You'll get the basics of improv from any beginner level at the Big 4. It's just a matter of being able to stay sharp if you choose not to climb the levels.
If your dream is to be on SNL or in an improv group, then you'd want to climb the levels.
Is Meisner a learning style you should definitely learn?
In a perfect world, you would be able to take some kind of class that gave you intros to each of the main styles Meisner, Uta Hagen, Chekov, and Strasberg / Adler (/ whatever other Stainslavski derivitive you would like to insert).
In an imperfect world, I would suggest reading what you can about the styles and then choosing from there.
It's a misconception that two years of a reputable Meisner program is purely repetition. It's not. Repetition is used purely in the beginning stages of the first year and then is replaced with actual scene work, emotional preparation and improv, all the while "living truthfully under imaginary circumstances, moment to unanticipated moment."
Anyone who says otherwise has not fully trained in the Meisner technique. It cannot be learned in a workshop setting nor in a program that merely offers repetition or an 'introduction to Meisner.' It is a full two year commitment. There are no shortcuts, as with learning anything worthwhile.
In the second year, the scene work progresses with more difficult scenes, and using Meisner's "Golden Box," you learn to break down a script using the technique.
Anyone who offers a 'quick intro to Meisner' which entails only repetition is not teaching the entire technique. It's like trying to learn how to be a master pianist in two weeks by learning a few scales and arpeggios and then saying publicly, "oh yeah. I play the piano."
I'm a bit annoyed that there seem to be so many teachers out there who thinks they're teaching Meisner technique just by doing repetion. And then a bunch of students who think the Meisner technique is just repetition. -_-
I'm in a two year program and we left repetition after two months. The only reason they use it is to get out of your head.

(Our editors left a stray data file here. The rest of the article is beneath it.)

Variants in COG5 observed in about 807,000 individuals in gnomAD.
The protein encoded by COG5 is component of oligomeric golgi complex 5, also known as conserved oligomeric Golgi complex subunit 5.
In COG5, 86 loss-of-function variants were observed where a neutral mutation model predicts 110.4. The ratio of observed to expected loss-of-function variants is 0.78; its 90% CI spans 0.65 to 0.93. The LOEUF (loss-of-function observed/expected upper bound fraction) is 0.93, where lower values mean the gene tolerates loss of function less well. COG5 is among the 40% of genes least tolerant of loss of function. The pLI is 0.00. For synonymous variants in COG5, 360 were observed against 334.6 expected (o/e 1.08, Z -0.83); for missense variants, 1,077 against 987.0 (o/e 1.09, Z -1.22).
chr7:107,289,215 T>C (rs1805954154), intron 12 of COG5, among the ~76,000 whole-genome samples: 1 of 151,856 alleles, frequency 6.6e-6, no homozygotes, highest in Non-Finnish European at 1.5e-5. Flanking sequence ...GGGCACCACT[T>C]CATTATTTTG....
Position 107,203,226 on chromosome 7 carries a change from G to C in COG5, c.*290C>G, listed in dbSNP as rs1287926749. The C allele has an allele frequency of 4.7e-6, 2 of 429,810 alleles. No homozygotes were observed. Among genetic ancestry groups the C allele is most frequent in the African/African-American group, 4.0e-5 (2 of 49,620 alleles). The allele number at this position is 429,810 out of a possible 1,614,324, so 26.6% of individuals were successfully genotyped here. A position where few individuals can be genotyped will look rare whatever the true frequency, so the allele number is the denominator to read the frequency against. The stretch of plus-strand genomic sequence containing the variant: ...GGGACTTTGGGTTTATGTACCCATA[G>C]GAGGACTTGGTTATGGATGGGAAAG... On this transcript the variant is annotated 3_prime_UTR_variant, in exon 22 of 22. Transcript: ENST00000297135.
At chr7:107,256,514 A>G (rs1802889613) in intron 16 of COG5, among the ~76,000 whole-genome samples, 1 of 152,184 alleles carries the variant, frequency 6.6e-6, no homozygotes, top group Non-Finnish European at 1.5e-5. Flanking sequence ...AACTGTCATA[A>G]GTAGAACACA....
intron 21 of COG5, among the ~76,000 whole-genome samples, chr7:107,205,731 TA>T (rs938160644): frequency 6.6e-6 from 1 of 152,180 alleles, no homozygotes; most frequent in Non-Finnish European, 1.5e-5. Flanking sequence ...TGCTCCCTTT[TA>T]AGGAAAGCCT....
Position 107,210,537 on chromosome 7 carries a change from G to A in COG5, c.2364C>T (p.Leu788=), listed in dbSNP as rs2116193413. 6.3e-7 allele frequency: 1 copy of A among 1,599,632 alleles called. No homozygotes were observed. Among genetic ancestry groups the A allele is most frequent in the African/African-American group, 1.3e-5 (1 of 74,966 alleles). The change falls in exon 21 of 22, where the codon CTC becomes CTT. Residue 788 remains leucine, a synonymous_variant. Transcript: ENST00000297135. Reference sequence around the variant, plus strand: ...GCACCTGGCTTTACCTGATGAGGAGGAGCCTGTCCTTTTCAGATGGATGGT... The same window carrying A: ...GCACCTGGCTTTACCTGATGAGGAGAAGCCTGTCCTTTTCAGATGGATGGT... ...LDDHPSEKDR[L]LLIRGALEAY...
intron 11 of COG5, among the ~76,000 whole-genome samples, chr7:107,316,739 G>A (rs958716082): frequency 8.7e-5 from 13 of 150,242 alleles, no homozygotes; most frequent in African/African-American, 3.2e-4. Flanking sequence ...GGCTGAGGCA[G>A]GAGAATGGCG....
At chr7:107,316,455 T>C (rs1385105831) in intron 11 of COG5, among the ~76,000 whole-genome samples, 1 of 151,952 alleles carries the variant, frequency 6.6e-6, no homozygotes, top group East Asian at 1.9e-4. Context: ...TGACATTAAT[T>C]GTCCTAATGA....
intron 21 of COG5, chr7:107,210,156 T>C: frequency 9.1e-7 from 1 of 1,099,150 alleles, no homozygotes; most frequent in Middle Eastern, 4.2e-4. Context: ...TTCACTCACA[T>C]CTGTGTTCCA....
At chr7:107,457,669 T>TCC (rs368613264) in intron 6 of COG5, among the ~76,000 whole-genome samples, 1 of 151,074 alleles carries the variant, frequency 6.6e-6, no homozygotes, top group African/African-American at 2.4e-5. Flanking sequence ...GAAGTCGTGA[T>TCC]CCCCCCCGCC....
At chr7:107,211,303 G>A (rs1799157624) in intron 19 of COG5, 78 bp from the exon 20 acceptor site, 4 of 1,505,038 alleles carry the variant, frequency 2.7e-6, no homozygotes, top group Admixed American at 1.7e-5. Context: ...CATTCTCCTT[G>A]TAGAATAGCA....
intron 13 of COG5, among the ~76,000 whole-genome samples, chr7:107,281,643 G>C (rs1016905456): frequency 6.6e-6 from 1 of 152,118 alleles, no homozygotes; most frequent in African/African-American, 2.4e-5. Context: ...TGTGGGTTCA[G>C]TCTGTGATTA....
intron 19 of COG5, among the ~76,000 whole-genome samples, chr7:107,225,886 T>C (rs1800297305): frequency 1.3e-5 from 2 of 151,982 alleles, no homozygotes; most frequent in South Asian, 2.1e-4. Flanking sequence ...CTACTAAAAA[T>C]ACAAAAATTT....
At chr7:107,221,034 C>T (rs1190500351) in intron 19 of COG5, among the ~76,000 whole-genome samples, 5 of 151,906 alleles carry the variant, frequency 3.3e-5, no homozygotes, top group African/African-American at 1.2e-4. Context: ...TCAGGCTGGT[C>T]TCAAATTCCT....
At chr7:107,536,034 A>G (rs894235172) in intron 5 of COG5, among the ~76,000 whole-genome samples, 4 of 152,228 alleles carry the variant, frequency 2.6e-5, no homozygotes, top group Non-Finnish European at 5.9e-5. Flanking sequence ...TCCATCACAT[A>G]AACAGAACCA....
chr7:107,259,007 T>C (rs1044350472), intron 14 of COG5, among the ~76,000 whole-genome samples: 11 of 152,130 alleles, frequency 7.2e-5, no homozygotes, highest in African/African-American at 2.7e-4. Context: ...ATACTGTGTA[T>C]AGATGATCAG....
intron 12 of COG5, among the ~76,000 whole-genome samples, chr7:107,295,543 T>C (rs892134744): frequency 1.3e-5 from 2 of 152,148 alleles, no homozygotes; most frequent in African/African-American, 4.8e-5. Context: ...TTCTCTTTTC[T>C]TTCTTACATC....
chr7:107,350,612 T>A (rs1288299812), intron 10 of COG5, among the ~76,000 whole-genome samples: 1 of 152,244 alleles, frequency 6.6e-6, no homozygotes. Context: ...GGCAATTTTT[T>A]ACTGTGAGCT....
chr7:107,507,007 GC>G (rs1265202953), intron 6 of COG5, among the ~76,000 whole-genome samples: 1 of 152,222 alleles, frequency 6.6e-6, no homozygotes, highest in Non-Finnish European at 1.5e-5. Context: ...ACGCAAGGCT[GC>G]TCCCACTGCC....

Many teachers prey on actors who think they can get a 'quick fix' to be a good actor, through workshops, intro classes, boot camps, etc. Meisner said it takes 20 years to be a master actor. I believe him.
I started taking professional voice lessons at 12 years old (I'm 44 now) and although I consider myself good at what I do, as with any art form, it takes years to become great at anything. Ask any professional ballet dancer whose been dancing since they were 5. No one wants to do the work and commit.
Immediacy does not equal good or informed, folks!
Repetition, according to William Alderson, my teacher, who was trained as an actor AND teacher by Meisner in the 1960s, and who ran The Neighborhood Playhouse for 22 years, 'was the quickest way Sandy came up with to get sparks flying between two people and to get them to respond truthfully.' It was a beginning tool, used at the very start of the training.
Just as one learns scales at the beginning of piano lessons. You only learn the scales at the beginning of the training. Eventually you play songs! An acting foundation is VERY important, and sadly, many actors won't put in the time and the work..and eventually, it shows.
There is a reason Mr. Meisner designed the program as a two year program. Those who teach pure Meisner and who were actually trained by the man continue to teach it as a two year program.
Others are teaching parts of it, ie, "the repetition," merely for profit and are not doing their students any service. Commitment is not known by many these days. It's all about instant gratification.
End of lecture.
^ Yes, yes, yes and yes.
amo37, well said!
Does Mr. Alderson take on new students? What does he charge? I'm still looking for on-going Meisner based classes and I'm trying to avoid those short ones.
As a little addendum to this, in Meisner's own classes, the repitition also molds itself into other things. I don't know how to explain it really, but you're doing kind of a "progression" of repetition.
Hi guys I was wondering if you guys could help me with one more thing. I would like to take 2 classes at the same time. An improv and an Audition class. I have picked and will be registering for my improv class soon. But I am unsure which class I should take for my audition class. I am thinking either Tess or Saxon. Because they are in my price range. Why is it I have read some comments to take Saxon first then Tess. Also since I under 20 would I take a teen class?
Syphus, I understand what you mean. You have to experience the training to see the progression.
Toonaive, his website is aldersonstudio.com
The cost is $275 for 8 classes. (Instead of a month, as not all months have equal days).
He has a first year, second year and graduate class and is always taking on new students.
Okay, thanks. I can mention your name if that possibly can get you a discount for your own training.
...there's your answer to this rhetorical question. And as for what you think, it can take more than 20 years. You better believe it.
And as amo37 said, Meisner did not design his technique to be an intensive. Whatever current schools do, it's not what was intended.
William Esper is teaching it as a long-term on-going acting class.
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